At some point in the late 1940s, Mitcham moved to Greenwich Village in New York City, where he ran an art gallery. During this time, he became the model for “the stone deaf man” in Marguerite Young’s epic work, Miss MacIntosh, My Darling. Sabina said that during Mitcham’s days in New York, Walker Percy would come to stay with him, often sleeping on the floor in Mitcham’s tiny apartment in the Village.

A little over a decade later, Mitcham’s support for civil rights was confirmed in another medium. Among the papers of Dr. James Silver at the University of Mississippi is a letter from Mitcham to Silver dated 1956 written in a strong articulate script thanking him for a letter and clipping from “the Jackson, Tenn. newspaper” and his vigorous support of Silver’s stance against a closed society. “You have certainly flung down the gauntlet in a manner that was badly needed,” Mitcham wrote. “I only hope you don’t get a potsherd in the urn with your name on it. To defend freedom of thought and expression in Mississippi these days is almost suicidal, they’re more afraid of truth than any other one thing, just can’t afford to face it, or the house of cards will fall down.” The year before, Howard received a letter from Faulkner thanking him for a painting.

Dear Mitcham,
    The picture is here. It was all right, not bent but arch-ed a little but the paint did not crack. I flattened it with careful pressure, am trying to get a frame, something solid behind it. I will let the Buie people hang it for a while if they wish.
    I like it. I have it propped in a chair at eyelevel across the room from my typewriter where I can look up at now and then.
    I don’t know where rumor of illness came from. It’s not mine though. I had measles and such as a child but nothing since. Thank you for condolence though, and many thanks for the painting. I like plenty of dense color.
                                             Yours sincerely
                                             Faulkner

It’s not known if the painting ever did hang in the Buie Museum, but it is still at Rowan Oak. Fred Smith, owner of Choctaw Books in Jackson, pointing out the date as well as the elements of the painting (a Tokyo newspaper, a bottle of Tabasco sauce and a pipe) said, “Mitcham probably painted this to mark the publication of Faulkner’s New Orleans Sketches by Hokuseido Press in Japan on April 1. Faulkner also traveled to Japan that August on a goodwill tour.”

Mitcham’s first book, Fishing on the Gulf Coast, was published by Hermit Crab Press in 1959. “I don’t know much about fishing,” Mitcham confesses in his preface, but that doesn’t stop him from offering instructions on how to catch dozens of fresh and salt water species using methods anyone on the Gulf would use now. But Fishing on the Gulf Coast, in the final analysis, is a cookbook, Mitcham’s first, and it establishes his life-long love for seafood. Fishing includes many recipes you’ll find in later works (bouillabaisse, court bouillon, pompano en papillote and, of course a gumbo, in this instance from Antoine’s, no less). While the recipes are elaborate (and nowadays quite expensive to make), they’re easy to follow; they make perfect sense to anyone from south of I-10, with procedures for such things as smoking mullet (much beer-drinking seems to be involved) and incredibly detailed maps of the Gulf Coast along Louisiana, Texas, Mississippi and the Florida Panhandle.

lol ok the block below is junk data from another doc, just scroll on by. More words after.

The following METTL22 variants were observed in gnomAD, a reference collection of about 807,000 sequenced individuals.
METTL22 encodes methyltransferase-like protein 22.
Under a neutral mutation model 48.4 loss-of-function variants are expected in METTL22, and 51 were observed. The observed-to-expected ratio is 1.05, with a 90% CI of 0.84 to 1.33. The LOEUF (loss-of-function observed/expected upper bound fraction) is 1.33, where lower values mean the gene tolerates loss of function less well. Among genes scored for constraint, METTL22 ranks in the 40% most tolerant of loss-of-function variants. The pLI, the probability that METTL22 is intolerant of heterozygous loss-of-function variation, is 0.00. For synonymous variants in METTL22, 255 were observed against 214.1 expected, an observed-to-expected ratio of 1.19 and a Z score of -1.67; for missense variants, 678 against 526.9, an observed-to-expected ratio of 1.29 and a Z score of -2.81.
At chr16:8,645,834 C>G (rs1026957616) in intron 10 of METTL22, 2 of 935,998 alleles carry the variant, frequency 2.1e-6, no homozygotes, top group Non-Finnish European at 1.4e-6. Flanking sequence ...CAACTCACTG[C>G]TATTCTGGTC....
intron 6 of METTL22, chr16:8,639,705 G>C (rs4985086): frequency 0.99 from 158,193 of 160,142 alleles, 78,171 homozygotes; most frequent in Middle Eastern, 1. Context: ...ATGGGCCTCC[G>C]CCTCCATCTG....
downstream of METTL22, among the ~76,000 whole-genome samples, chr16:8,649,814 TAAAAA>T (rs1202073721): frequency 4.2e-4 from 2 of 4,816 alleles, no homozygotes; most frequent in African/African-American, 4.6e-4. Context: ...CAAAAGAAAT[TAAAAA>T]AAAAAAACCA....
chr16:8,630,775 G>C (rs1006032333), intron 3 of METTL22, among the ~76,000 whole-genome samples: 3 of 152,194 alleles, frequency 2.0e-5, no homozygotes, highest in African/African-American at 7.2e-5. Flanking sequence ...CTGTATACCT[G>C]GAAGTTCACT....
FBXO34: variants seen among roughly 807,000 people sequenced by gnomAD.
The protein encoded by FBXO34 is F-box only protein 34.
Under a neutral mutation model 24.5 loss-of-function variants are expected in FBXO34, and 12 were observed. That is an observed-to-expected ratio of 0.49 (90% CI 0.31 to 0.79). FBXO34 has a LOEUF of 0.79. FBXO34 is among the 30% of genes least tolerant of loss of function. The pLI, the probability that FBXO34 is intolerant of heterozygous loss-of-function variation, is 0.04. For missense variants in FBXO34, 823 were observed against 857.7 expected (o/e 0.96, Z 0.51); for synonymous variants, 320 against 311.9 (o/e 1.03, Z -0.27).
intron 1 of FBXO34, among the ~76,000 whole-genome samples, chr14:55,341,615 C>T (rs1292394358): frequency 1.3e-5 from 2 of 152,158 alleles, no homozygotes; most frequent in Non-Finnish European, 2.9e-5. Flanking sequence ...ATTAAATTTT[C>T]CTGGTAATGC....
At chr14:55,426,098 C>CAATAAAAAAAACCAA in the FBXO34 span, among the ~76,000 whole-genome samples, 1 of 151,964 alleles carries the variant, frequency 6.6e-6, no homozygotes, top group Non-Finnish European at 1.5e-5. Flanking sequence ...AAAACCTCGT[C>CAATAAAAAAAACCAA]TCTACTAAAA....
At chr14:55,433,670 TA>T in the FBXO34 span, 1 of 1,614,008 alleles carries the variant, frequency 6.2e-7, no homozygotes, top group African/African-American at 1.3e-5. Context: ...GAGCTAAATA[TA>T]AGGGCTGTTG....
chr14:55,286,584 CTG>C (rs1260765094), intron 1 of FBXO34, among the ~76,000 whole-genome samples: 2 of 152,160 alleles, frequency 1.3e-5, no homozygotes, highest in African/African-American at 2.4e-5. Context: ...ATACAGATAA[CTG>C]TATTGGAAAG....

What makes Fishing on the Gulf Coast even more of a treasure are Mitcham’s beautiful woodcut prints of fish and marine life. Art (along with a passion for antique clocks and clockworks) provided Mitcham with a fruitful outlet for his talents throughout his life. The 1963 summer and winter issues of The Carolina Quarterly featured two portfolios with six of his woodcuts prints. Like his fellow Mississippi artist Walter Anderson, who also made woodcut prints, much of Mitcham’s work reflects a strong interest in classical mythology. This is nowhere more evident than in his Four Tales from Byzantium (Wattle Grove Press: 1964). Incredulously enough, Wattle Grove Press was a small publishing house founded in Launceston,Tasmania by Professor Rolf Hennequel in 1958. According to a pamphlet issued by the Queen Victoria Museum & Art Gallery in Launceston, Hennequel stated that the purpose of the press was “. . . for printing unusual literature, which could not possibly be launched commercially. This was—and is—our only purpose, which also includes the desire to help young writers.” How Mitcham connected with this small, progressive press in a part of the world that could be considered almost the antipodes of Mississippi is an as-yet unfathomable mystery. Somewhat later, the book was re-issued by Hermit Crab Press in New Orleans.

The quirk of fate or fortune that first took Mitcham from his home in the Deep South to the distant shores of Cape Cod is a matter rich for speculation, but he claims to have made his first visit there as early as 1948. Thereafter for most of his life, Mitcham divided his years between New Orleans and Provincetown. An editor of The Provincetown Advocate described Mitcham as “Artist, block print maker, chef par excellence, pro-beatnik, draughtsman and one of the most talented ‘nuts’ ever to come into Provincetown.” Mitcham maintained an art gallery on the Cape, painted signs and repaired clocks (one correspondent claims he published an article on antique clocks in Gentleman’s Quarterly). In the 1960s, Mitcham wrote a column in the Advocate called the “The Cape Tip Gourmet” and another called “The Cape Curmudgeon”. He wrote that the first place he headed when he first arrived in Provincetown, and most likely from then on, was Town Wharf. “It made my heart jump to see the enormous hauls of herring that the trap boats were bringing in,” Mitcham said. “But my gourmet’s heart was broken when I found out that this wonderful fish was being knocked down for two bucks and fifty cents a barrel and shipped off to the cat food factory.”